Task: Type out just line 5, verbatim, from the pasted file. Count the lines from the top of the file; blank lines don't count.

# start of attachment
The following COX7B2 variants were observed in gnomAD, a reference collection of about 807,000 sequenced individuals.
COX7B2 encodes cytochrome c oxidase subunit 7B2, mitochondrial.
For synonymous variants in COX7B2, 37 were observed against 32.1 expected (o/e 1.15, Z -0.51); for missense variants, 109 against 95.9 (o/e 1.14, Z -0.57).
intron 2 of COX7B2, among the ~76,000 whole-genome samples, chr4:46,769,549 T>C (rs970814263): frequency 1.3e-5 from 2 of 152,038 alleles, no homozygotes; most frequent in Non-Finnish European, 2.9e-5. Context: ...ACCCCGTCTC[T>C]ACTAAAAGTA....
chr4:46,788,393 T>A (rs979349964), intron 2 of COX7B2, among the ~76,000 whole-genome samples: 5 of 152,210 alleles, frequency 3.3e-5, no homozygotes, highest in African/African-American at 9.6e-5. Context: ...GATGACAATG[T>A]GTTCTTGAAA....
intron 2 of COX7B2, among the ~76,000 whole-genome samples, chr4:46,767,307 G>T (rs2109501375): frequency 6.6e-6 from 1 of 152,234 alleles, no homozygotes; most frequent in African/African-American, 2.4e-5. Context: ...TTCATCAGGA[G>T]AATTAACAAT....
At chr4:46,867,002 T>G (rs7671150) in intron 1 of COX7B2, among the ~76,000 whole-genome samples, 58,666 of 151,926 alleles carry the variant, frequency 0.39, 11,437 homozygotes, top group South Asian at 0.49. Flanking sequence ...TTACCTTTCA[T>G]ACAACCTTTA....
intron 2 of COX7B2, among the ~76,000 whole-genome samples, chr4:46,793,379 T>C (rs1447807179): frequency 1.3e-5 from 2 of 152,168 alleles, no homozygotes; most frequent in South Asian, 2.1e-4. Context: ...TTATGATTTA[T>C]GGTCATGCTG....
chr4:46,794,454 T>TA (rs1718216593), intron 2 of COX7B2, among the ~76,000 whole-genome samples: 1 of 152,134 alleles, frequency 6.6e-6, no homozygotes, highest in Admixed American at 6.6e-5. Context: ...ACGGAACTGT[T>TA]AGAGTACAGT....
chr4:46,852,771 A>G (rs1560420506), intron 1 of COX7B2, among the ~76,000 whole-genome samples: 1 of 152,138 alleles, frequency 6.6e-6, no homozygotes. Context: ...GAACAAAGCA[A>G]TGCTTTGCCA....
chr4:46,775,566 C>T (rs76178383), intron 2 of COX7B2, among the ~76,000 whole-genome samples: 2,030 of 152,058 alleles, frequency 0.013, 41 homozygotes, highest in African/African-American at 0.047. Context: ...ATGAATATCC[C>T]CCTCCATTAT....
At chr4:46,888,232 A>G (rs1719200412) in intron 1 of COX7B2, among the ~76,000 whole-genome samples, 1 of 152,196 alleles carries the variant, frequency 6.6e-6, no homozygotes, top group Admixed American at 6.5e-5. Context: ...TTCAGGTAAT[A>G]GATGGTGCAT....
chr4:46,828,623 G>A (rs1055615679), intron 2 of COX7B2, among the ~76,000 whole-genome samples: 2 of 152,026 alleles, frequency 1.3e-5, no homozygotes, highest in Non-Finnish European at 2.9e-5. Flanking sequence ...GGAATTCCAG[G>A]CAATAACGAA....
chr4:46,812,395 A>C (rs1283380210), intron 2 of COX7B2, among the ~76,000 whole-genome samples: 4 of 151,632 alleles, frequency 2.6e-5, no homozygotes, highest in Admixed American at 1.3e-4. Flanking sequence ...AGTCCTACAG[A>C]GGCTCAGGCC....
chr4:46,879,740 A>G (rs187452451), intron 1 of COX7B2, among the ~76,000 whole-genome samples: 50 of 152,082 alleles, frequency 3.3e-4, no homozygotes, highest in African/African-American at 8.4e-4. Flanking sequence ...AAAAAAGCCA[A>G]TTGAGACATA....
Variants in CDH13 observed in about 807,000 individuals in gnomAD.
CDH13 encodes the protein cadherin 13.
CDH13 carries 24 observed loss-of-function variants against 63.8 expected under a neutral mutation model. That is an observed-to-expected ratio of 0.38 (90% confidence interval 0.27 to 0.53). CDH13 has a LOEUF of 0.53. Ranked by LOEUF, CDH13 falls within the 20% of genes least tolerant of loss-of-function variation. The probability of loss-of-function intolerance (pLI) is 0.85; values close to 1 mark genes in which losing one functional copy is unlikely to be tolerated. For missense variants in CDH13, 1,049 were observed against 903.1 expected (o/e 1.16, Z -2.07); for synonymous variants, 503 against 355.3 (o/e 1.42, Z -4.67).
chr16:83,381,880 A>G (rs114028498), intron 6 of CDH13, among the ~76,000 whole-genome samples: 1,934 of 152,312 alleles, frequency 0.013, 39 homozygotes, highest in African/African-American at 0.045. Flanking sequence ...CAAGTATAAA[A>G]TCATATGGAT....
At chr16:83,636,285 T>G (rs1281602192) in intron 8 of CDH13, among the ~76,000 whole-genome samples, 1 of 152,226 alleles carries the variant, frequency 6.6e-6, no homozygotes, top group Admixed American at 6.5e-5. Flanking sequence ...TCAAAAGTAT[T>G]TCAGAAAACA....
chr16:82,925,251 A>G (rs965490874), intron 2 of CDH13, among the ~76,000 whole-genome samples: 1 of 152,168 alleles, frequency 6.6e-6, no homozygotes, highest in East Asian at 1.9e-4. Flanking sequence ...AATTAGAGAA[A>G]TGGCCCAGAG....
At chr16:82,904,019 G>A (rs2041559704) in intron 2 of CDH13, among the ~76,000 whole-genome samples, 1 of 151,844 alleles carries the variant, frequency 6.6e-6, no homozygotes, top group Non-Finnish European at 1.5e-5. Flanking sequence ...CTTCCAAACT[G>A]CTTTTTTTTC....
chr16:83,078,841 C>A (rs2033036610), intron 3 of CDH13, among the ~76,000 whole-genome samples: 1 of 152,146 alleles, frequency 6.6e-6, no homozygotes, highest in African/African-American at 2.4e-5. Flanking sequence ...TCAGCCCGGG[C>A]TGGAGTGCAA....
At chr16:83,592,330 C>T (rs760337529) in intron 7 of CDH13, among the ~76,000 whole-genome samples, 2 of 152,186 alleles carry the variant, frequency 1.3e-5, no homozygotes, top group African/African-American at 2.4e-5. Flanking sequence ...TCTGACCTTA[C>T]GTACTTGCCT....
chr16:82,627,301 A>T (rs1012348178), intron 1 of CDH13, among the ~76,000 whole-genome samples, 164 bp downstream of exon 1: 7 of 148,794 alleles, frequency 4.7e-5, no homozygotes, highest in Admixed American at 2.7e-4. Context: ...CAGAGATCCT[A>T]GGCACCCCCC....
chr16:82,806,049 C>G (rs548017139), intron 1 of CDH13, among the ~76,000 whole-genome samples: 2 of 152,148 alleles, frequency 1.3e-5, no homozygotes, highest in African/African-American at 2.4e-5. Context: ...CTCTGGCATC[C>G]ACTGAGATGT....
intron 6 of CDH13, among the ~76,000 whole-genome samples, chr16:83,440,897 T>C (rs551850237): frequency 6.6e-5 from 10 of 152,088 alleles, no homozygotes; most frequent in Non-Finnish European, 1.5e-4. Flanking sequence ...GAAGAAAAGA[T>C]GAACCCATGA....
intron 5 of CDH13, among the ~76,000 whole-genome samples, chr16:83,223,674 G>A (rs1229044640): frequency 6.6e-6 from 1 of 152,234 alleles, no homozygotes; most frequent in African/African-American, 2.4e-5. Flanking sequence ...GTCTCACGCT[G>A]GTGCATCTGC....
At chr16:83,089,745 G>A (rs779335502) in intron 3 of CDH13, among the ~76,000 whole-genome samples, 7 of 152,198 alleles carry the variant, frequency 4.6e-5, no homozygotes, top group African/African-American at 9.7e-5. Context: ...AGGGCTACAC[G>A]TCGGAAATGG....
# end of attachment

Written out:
chr4:46,788,393 T>A (rs979349964), intron 2 of COX7B2, among the ~76,000 whole-genome samples: 5 of 152,210 alleles, frequency 3.3e-5, no homozygotes, highest in African/African-American at 9.6e-5. Context: ...GATGACAATG[T>A]GTTCTTGAAA....